The controversy surrounding last year’s Great Global Warming Swindle highlights a number of things for me.
First of all, the OfCom ruling today appears to have caused more heat than light. The report states that:
…In dealing with these complaints therefore Ofcom had to ascertain Ă˘â‚¬â€ś not whether the programme was accurate – but whether it materially misled the audience with the result that harm and/or offence was likely to be caused.
There it is – in black and white. Why then does Brendan O’Neill at Spiked insist that “Ofcom rejected complaints that DurkinĂ˘â‚¬â„˘s film was factually inaccurate on the basis that it did not Ă˘â‚¬Ëśmaterially mislead the audience so as to cause harm or offence.Ă˘â‚¬â„˘” The Commissioning Editor at C4 Hamish Mykura was even more explicit in a BBC interview, stating at least twice that OfCom ruled they had not mislead the audience.
Yet that was not the test. By OfCom’s admission, the bar was set incredibly high, not to say almost impossibly so:
The accompanying Ofcom guidance to the Code explains that Ă˘â‚¬Ĺ“Ofcom is required to guard against harmful or offensive material, and it is possible that actual or potential harm and/or offence may be the result of misleading material in relation to the representation of factual issues. This rule is therefore designed to deal with content which materially misleads the audience so as to cause harm or offence.Ă˘â‚¬Âť (Emphasis in original). Ofcom therefore only regulates misleading material where that material is likely to cause harm or offence. As a consequence, the requirement that content must not materially mislead the audience is necessarily a high test.
In other words, the Great Global Warming Swindle could have been full of the most blatant lies ever devised by man as far as OfCom was concerned, as long as they were white ones. It isn’t entirely surprising therefore that it found in Channel 4’s favour.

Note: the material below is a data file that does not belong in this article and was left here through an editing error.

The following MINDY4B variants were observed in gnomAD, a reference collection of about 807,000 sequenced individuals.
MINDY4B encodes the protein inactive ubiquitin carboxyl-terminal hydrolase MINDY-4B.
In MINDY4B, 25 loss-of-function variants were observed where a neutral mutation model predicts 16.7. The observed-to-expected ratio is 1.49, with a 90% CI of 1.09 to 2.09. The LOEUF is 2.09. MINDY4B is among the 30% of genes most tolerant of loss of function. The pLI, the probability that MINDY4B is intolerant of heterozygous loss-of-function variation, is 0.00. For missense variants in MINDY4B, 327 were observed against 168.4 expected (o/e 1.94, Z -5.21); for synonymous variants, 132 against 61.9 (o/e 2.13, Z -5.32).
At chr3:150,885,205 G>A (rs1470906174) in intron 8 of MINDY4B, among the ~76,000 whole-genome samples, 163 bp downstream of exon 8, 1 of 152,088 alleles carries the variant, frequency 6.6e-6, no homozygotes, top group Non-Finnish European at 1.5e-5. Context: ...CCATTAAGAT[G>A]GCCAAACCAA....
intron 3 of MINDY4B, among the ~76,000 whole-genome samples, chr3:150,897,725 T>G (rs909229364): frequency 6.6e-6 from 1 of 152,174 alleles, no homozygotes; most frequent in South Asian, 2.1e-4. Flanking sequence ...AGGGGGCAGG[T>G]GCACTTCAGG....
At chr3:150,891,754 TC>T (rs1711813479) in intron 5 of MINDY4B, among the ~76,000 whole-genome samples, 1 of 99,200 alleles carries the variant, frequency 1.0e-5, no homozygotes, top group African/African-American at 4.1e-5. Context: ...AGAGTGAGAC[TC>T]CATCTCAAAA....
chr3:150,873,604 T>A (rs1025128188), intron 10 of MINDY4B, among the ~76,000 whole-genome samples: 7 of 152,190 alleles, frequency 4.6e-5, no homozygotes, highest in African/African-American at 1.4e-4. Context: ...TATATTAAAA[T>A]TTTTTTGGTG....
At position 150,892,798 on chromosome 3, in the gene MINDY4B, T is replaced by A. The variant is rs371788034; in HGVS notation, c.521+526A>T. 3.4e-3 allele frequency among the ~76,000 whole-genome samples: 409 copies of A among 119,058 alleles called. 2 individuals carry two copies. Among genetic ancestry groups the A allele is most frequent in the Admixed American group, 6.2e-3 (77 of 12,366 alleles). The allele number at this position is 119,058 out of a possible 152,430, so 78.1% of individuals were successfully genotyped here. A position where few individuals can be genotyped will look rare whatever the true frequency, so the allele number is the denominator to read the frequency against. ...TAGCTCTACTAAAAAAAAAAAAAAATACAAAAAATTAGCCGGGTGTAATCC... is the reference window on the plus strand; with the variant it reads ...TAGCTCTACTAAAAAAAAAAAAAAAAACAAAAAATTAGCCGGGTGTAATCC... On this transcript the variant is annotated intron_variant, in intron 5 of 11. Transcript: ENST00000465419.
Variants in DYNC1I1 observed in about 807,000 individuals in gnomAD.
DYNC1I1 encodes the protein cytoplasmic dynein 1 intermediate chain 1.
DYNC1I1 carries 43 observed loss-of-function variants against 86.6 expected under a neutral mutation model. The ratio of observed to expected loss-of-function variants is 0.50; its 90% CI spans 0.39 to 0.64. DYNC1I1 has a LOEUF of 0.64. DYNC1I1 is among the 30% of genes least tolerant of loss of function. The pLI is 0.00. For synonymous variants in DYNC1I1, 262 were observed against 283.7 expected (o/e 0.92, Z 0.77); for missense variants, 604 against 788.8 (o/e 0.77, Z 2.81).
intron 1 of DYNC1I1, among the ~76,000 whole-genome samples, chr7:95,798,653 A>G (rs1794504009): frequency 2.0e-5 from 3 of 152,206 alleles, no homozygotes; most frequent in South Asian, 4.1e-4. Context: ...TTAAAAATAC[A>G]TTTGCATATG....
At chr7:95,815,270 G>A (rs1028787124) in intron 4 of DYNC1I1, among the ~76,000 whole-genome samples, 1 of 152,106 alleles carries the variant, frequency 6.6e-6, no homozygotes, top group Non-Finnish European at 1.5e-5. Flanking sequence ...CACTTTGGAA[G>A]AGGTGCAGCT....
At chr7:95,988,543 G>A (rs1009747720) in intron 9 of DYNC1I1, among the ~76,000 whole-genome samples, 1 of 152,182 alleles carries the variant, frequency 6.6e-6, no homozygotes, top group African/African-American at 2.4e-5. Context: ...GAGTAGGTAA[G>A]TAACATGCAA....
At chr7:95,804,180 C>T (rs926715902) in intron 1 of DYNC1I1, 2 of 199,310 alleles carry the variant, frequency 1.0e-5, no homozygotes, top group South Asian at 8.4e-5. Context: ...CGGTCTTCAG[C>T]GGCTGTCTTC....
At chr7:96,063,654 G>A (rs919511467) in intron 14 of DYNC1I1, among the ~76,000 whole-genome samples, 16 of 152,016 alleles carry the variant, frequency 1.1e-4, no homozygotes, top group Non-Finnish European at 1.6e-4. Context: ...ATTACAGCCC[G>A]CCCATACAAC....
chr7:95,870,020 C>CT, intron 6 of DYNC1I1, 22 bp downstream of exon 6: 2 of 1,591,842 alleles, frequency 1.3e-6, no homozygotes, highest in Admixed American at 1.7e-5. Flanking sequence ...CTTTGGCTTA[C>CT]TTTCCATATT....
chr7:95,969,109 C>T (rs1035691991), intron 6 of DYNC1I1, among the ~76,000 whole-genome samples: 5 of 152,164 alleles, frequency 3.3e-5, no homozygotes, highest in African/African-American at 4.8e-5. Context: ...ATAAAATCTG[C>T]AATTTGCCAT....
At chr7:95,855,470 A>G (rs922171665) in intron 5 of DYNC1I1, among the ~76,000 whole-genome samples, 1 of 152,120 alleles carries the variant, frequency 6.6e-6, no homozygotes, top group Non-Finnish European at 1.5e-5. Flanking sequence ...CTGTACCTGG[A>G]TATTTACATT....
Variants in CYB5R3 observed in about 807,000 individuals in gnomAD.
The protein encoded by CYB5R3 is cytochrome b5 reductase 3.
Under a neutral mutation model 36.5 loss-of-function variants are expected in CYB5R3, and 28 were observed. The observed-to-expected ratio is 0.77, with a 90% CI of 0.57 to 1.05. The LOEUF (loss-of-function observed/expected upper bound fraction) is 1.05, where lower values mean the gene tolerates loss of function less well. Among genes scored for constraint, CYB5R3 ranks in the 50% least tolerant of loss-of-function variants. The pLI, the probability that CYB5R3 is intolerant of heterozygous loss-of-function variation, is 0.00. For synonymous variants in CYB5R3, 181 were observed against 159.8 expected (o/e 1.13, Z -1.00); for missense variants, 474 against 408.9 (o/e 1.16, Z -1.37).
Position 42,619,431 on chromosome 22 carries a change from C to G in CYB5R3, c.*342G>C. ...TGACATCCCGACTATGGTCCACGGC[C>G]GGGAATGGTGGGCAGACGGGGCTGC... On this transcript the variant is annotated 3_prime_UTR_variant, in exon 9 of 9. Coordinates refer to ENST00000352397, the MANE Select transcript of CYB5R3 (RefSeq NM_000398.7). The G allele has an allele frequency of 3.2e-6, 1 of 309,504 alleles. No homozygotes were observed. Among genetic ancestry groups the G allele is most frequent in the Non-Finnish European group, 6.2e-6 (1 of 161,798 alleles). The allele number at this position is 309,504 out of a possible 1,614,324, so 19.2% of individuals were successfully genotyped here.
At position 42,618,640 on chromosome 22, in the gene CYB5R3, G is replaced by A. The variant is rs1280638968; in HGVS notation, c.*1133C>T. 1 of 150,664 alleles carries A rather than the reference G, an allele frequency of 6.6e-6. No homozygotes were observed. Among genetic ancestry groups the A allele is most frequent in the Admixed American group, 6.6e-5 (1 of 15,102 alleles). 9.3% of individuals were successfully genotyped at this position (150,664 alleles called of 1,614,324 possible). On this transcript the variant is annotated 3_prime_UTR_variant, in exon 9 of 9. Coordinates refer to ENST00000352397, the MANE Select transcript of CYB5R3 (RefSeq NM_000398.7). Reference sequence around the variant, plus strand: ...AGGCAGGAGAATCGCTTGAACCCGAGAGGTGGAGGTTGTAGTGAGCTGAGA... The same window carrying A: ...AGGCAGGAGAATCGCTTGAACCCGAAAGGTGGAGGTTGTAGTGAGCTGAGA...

And to an extent, that is how it should be. The key test is whether the programme was presented as a documentary or an essay. Adam Curtice’s occasional forays on BBC2 are by turns brilliant and incredibly stoopid, but they are always presented as personal essays. It’s a good format. Al Gore’s An Inconvenient Truth is undeniably in the first person. What I’ve seen of Martin Durkin’s programme (I admit to not having watched the programme as I missed it when it was first broadcast and don’t see why I should enrich him by buying a copy), it looks very much like a documentary. This is a key point, and one which George Monbiot is right to quibble over:
This became a personal issue when the man who commissioned The Great Global Warming Swindle, Hamish Mykura, appeared on the Today programme to defend the film. It was, he said, part of “a season of opinionated polemical films about global warming”, and was balanced by a film I had made, broadcast in the same week, for Dispatches. I was flabbergasted. Neither I, nor the audience, nor anyone on the production team had been told that my programme was part of “a season of opinionated polemical films about global warming”, or that it would be linked to The Great Global Warming Swindle. Had I known this, I would have pulled out. When I asked Mykura for evidence Ă˘â‚¬â€ť some memos or publicity material about this “season”, for example Ă˘â‚¬â€ť he was unable to provide any.
My film was subjected to such a rigorous process of fact-checking that it was, in effect, edited by Channel 4’s lawyers. While this made it rather dull, it also meant that it was robust and unchallengeable: any claim which would not stand up to rigorous academic scrutiny was excluded. Despite this, it was billed as a controversial polemic and my own personal view (I was the onscreen presenter). Durkin’s film, by contrast, appears to have been exempted from such rigorous fact-checking and was not presented as his opinion. Why did such radically different standards apply? And in what sense did my film “balance” Durkin’s? Mine was about policies seeking to address climate change: I was not asked to demonstrate that man-made global warming was taking place. Even if that had been my aim, Channel 4 misunderstands its public service obligations if it believes it has to strike a balance between truth and falsehood. I was glad to see that Ofcom found that the other programmes in the channel’s schedule “were not sufficiently timely or linked” to the Swindle to balance it..